Nov 4, 2010
6
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Pre-Medical
Does anyone have any advice/experience with studying for the MCAT years after taking their prerequisites? I graduated with a BS in '07 and went straight into the air force (I was in AFROTC). I'm planning to take the April MCAT but I was thinking that I should start studying now since my pre-reqs were all completed in 2003-2006. That was a long time ago and I've definitely forgotten a lot.

I'm wondering if anyone else has been in my sort of situation, and if so:
1) How long did it take you to prepare?
2) How many hours/day did you do?

I'm currently doing chemistry research full-time, and I really can't quit to study since I need the money! So I guess I'm trying to get a feel for the best way to map out my time/study schedule.

 

tartrate

10+ Year Member
Apr 3, 2007
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Your situation is not uncommon, and it really varies from individual to individual. You are probably the best person to assess how much time you think you will need. Just try looking over the topics, or just flip through a review book, and that will give you a rough idea of what you need to do. A lot of it would probably depend on how well you did with your basic sciences.

Also, the fact that you have been doing chemistry research will be a huge benefit, much more than you currently realize.

Typically though, people put in about 3 months of solid studying time, and I think that's sufficient for almost anyone. Any longer and there is the risk of forgetting information, compounded by the fact that most people who put in longer than 3 months only start with light review, only to go into cram session 1-2 months before the test. Hours are hard to estimate, because there is a lot of variability between people. There are some here who have put in 1 hour a day, and some who have put in more than 10 hours a day, with both groups having done exceedingly well on the test.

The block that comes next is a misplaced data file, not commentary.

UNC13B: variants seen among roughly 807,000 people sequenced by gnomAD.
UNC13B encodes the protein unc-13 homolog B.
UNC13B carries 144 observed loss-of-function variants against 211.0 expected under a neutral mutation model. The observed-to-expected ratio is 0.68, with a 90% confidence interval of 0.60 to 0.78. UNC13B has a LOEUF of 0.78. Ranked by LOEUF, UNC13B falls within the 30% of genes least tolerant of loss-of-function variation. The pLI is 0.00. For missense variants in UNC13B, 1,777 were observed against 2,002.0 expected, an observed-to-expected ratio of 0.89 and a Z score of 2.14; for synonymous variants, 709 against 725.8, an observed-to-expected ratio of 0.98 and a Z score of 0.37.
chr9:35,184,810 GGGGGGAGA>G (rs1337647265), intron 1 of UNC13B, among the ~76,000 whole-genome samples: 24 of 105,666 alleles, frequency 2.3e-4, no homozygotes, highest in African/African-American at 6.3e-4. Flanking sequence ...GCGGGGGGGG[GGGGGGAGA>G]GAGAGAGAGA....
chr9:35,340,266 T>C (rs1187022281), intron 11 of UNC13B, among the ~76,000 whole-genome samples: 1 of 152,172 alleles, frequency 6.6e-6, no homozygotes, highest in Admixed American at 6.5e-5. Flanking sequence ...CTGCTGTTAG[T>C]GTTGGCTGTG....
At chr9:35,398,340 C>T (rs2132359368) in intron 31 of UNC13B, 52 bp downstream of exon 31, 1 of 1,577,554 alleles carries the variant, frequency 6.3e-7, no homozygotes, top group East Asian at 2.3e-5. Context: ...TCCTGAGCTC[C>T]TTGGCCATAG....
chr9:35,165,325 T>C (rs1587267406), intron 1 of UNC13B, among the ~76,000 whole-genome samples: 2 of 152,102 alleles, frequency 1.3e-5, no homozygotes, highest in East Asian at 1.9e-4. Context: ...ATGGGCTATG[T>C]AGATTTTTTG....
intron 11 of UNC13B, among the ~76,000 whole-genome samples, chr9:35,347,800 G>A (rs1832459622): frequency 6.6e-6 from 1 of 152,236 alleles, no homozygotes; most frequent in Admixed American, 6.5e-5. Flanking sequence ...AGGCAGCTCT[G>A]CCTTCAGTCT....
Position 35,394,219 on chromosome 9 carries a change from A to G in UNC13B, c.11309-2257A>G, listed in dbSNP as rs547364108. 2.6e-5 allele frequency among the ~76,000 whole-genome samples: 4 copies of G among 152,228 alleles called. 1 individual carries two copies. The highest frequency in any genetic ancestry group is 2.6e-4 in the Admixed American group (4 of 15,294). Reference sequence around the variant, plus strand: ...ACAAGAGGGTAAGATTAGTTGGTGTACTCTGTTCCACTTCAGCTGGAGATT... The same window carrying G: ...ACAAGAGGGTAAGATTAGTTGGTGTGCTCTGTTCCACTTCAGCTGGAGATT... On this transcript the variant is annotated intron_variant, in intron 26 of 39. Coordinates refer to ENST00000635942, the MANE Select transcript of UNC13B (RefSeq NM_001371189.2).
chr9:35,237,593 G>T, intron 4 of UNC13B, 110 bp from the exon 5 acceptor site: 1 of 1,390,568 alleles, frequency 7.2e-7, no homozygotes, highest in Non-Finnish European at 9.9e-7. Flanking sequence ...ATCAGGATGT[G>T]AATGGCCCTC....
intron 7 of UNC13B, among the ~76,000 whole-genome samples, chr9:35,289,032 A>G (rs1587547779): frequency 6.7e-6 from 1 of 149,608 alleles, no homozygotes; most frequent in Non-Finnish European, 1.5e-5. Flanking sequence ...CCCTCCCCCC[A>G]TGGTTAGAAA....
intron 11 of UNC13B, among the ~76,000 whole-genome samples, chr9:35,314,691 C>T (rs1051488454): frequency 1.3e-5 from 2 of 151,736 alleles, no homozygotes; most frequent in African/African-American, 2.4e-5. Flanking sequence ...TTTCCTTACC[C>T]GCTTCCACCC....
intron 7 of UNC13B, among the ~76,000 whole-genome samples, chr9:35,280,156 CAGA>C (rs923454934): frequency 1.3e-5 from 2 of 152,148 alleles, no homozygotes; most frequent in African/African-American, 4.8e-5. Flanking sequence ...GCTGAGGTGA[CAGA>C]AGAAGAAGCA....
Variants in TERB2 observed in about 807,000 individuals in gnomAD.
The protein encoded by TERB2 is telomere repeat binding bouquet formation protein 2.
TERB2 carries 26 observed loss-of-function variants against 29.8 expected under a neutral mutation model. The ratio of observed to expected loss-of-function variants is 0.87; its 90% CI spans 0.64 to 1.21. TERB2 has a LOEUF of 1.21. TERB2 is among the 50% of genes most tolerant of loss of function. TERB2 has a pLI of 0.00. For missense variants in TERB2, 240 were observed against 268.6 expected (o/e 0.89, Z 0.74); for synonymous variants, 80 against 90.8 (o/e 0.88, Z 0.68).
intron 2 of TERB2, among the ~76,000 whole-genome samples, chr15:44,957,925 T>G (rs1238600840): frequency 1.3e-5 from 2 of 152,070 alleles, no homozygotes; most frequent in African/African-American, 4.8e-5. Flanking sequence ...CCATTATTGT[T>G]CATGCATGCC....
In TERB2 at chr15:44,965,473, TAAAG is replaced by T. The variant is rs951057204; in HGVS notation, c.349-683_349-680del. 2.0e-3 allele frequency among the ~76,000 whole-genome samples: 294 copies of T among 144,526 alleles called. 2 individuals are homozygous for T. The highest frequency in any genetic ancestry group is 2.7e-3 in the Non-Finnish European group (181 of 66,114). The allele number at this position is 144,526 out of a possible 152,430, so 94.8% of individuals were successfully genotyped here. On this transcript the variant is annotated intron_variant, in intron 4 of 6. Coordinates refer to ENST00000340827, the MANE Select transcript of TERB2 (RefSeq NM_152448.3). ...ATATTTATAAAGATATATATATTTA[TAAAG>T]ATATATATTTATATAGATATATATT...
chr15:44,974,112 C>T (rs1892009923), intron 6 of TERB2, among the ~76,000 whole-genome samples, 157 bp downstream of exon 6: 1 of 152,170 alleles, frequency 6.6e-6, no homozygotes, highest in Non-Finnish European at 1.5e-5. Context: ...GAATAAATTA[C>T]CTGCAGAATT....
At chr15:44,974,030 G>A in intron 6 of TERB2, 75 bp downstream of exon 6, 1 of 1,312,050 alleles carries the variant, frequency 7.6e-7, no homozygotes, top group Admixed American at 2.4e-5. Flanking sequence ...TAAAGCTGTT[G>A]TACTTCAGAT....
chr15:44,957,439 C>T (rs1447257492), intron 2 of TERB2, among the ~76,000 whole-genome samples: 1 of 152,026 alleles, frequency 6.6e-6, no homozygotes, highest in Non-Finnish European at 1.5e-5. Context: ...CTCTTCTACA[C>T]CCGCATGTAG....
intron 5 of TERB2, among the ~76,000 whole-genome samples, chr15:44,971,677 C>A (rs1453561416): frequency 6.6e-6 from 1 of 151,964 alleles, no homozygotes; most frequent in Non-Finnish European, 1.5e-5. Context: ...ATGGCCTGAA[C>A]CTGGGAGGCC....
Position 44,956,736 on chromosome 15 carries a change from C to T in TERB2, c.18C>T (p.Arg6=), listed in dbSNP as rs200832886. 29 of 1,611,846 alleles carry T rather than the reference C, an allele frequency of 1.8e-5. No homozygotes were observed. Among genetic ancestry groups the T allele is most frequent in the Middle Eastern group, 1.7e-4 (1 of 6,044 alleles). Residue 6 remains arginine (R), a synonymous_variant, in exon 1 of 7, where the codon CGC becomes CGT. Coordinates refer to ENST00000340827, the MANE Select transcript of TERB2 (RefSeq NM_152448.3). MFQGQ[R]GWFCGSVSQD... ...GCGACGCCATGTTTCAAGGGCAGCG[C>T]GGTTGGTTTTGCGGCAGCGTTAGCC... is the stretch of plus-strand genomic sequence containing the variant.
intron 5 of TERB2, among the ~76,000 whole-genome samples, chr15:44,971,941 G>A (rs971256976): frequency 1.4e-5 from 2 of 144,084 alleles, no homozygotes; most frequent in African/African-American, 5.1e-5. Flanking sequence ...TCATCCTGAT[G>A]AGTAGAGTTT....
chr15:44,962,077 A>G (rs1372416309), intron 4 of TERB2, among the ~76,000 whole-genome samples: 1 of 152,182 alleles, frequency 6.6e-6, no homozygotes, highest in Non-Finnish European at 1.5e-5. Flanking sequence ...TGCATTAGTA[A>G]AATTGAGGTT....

Sep 2, 2010
280
0
Status
Podiatry Student
Does anyone have any advice/experience with studying for the MCAT years after taking their prerequisites? I graduated with a BS in '07 and went straight into the air force (I was in AFROTC). I'm planning to take the April MCAT but I was thinking that I should start studying now since my pre-reqs were all completed in 2003-2006. That was a long time ago and I've definitely forgotten a lot.

I'm wondering if anyone else has been in my sort of situation, and if so:
1) How long did it take you to prepare?
2) How many hours/day did you do?

I'm currently doing chemistry research full-time, and I really can't quit to study since I need the money! So I guess I'm trying to get a feel for the best way to map out my time/study schedule.

Hey buddy. I am in your boat. I graduated with molec bio in 2008.

just now studying for the mcats and have had ZERO science exposure since graduation (eg I have not worked as a research assistant or anything... the reasons why... well... long story )

Anyhow, I am taking MCATs in Jan 2011.

I study A LOT (8hrs + / day 6-7 days/week)

Some of the stuff has come back a lot better than other things. For example, Ochem and Bio is coming back relatively hassle free. This is because I took these courses my Junior/Senior years.

Gen Chem and Physics... well. I took these classes freshman/sophomore year and never really learned them then. Lets just say I put a TON of effort and relearning these subjects. Slowly but surely it is paying off.

It can be done. Optimal situation? No ... but doable.
 

centraldogma

The Young Wolf
Sep 12, 2010
193
2
Status
Medical Student
Hey buddy. I am in your boat. I graduated with molec bio in 2008.

just now studying for the mcats and have had ZERO science exposure since graduation (eg I have not worked as a research assistant or anything... the reasons why... well... long story )

Anyhow, I am taking MCATs in Jan 2011.

I study A LOT (8hrs + / day 6-7 days/week)